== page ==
What is that white lady doing with that handful of ginseng roots and bonito flakes? “I think I was Chinese in another life,” says Nina Simonds. And she’s serious, though it would have been hard to predict the journey of how a nice Jewish girl from rural Massachusetts became one of the country’s leading authorities on Asian food and cooking. Nina speaks fluent Mandarin and can go wok to wok with anyone on nuances of Chinese food and culture.
Nina’s interest in Asia was ignited by the promise of meeting boys in language class. And she’s still got that eccentric flirtiness, but with a bit more gravitas to back her up, including IACP and James Beard awards for her books A Spoonful of Ginger and Spices of Life. Her books not only center on delicious recipes, but what it is about the ingredients and techniques that make Chinese food so restorative and healthful. Before you even dig into the recipes, she suggests you do a self-assessment as to whether your body type is yin or yang. Nina has lots to say about this (Nina has lots to say about lots of things), but the Hippocrates quote she chose to introduce A Spoonful of Ginger sums it up quite poetically: "Let food be your medicine and medicine be your food."
Hungry Beast caught up with Nina and she told us about her life and travels, including the fact that she is a ketchup fan and that she knows how to blow a Peking duck.
When you were 19, you left the U.S. and moved to Taiwan for three years. How did that happen?
I wanted to study food language and culture. And originally, in the early ‘70s, I thought of going to Paris and studying and working in a French cooking school. I wrote to Julia Child who wrote back and said there really wasn’t a great cooking school in Paris at that time. She suggested Switzerland, and I just said, “Forget Switzerland.” When Julia wrote back and said “No Paris,” I thought, “Well, maybe I should go to China.”
That's funny advice coming from Julia. How did you make the mental jump from France to China?
I had been taking some Mandarin in high school. I lived in Andover, Massachusetts, and I was good at languages. Andover Academy started offering Mandarin and they accepted two people from the local high school to come study. I was interested, and I also wanted to meet boys. So I took some Mandarin.
But when I started to plan, China was in the middle of a cultural revolution, so I couldn’t go there. I bumped into an old classmate who had been to Taiwan and she gave me the name of a woman who maybe could sponsor me. I wrote to her and she turned out to be a famous cook. I sent her a high-school graduation picture to identify me and I took off. I just got on the flight and it wasn’t until maybe we were in the 24th hour of travel when I thought, “Where the hell am I going?”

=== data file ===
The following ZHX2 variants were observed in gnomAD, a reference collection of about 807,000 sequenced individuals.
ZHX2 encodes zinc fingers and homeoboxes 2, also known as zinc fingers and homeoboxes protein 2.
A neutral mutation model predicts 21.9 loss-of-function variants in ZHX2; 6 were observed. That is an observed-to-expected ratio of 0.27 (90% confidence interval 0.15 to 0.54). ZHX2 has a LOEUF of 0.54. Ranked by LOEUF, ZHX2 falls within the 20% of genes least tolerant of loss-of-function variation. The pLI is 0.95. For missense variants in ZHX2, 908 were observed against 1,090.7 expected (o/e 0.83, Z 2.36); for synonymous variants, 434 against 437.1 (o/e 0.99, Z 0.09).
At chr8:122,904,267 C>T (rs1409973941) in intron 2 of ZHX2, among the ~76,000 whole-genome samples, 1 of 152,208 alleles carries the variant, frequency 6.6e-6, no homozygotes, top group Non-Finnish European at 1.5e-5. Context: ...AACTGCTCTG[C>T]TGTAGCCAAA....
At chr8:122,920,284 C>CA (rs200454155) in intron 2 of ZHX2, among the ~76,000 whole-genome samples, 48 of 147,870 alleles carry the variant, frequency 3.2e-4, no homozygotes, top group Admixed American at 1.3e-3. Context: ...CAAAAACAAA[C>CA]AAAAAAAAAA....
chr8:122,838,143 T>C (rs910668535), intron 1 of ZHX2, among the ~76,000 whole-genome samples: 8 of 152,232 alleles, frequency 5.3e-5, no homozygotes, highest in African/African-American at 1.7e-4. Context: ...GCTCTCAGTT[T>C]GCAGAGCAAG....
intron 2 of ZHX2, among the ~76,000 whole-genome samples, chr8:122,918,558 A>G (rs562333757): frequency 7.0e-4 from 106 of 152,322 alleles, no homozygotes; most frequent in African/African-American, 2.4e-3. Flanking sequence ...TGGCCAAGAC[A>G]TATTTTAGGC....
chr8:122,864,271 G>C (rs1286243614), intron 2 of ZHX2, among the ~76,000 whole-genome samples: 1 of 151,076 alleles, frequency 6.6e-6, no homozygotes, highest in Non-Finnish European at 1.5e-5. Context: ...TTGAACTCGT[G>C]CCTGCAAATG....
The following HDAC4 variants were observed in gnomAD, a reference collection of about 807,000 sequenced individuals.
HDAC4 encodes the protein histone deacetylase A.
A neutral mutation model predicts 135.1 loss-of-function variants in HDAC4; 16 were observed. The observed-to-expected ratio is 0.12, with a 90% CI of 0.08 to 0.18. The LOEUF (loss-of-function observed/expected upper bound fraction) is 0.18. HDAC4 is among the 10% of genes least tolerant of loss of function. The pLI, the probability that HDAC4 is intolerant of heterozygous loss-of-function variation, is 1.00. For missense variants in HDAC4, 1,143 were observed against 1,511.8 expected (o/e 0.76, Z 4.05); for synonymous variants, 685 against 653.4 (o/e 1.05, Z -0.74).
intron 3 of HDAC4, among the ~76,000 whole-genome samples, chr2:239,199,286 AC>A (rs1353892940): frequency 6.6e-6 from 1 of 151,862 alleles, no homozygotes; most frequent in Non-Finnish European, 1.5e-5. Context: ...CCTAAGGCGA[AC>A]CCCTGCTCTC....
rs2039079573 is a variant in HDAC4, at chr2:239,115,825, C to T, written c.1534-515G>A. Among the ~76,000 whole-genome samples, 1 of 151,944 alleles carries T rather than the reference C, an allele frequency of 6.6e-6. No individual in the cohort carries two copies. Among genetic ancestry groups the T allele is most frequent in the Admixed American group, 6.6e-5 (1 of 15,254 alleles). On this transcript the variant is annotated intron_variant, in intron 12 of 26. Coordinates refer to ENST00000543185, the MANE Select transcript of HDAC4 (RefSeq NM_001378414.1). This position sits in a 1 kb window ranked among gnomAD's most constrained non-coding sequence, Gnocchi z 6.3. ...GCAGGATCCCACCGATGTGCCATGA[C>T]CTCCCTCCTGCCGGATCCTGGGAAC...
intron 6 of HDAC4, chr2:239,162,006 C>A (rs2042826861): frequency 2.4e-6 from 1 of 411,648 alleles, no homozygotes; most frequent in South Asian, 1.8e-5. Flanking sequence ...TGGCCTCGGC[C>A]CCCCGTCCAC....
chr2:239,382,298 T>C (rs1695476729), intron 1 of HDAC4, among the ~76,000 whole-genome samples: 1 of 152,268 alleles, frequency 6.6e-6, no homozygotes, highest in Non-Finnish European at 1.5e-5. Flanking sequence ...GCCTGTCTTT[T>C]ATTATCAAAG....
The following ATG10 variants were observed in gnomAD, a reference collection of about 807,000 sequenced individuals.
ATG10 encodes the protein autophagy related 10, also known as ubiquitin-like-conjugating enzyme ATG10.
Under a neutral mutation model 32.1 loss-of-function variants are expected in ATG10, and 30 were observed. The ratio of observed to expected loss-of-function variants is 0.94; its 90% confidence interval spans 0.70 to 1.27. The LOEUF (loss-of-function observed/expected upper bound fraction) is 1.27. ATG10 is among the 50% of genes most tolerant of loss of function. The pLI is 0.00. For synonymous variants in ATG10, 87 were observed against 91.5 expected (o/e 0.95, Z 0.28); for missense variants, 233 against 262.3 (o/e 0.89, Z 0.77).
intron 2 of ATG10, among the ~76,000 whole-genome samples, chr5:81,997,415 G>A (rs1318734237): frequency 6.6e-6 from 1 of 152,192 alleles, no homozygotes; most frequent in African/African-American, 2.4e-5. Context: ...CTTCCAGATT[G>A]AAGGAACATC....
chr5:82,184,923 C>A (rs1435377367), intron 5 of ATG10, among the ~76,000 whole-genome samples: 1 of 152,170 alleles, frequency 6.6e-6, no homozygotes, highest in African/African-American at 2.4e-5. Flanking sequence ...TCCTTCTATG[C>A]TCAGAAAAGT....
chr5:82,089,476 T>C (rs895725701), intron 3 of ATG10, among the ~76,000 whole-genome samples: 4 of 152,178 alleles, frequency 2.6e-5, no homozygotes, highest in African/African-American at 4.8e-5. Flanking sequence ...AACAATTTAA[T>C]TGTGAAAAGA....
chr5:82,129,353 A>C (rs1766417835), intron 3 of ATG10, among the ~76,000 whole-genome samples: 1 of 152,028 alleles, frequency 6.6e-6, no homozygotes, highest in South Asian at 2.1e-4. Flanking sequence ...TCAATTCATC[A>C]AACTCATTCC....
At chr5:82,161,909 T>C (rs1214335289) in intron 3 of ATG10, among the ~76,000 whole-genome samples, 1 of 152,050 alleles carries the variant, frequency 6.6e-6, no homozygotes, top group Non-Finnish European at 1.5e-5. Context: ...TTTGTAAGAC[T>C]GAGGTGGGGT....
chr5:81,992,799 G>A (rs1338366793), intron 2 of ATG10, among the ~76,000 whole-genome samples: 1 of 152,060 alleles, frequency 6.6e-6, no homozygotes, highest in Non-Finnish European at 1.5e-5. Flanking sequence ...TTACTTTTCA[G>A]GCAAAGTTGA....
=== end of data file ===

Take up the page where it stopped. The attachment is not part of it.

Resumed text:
No kidding. Asia must have seemed totally inaccessible at that time.
My parents thought I was insane.
Not surprising. How long did you stay there?
Three and a half years. I really loved it. It was lonely at first, but it was such a great adventure. I loved living in this really exotic place, completely unlike any place I’d ever been in my life. I stayed with a family and we fired the servant after a month and I started cooking. I would go to the cooking school and come home, make what I’d learned for the family, and the mother would criticize me.
What were some of the things you learned to cook?
I apprenticed at a restaurant where they made these incredible steamed buns and they would sprinkle the steamers with pine needles, which would release the fragrance of pine needles. I learned how to blow a Peking duck. Like, actually how to separate the skin from the meat and blow into it.
So what happened after Taiwan?
I came back to the U.S. and was trying to figure out what to do and I contacted Julia Child again and she said, “There is a great cooking school in Paris now. So maybe you could exchange your Chinese for French.” Julia Child was one of my favorite people to cook for and eat Chinese food with. She and her husband, Paul, lived in China and developed a passion for the food.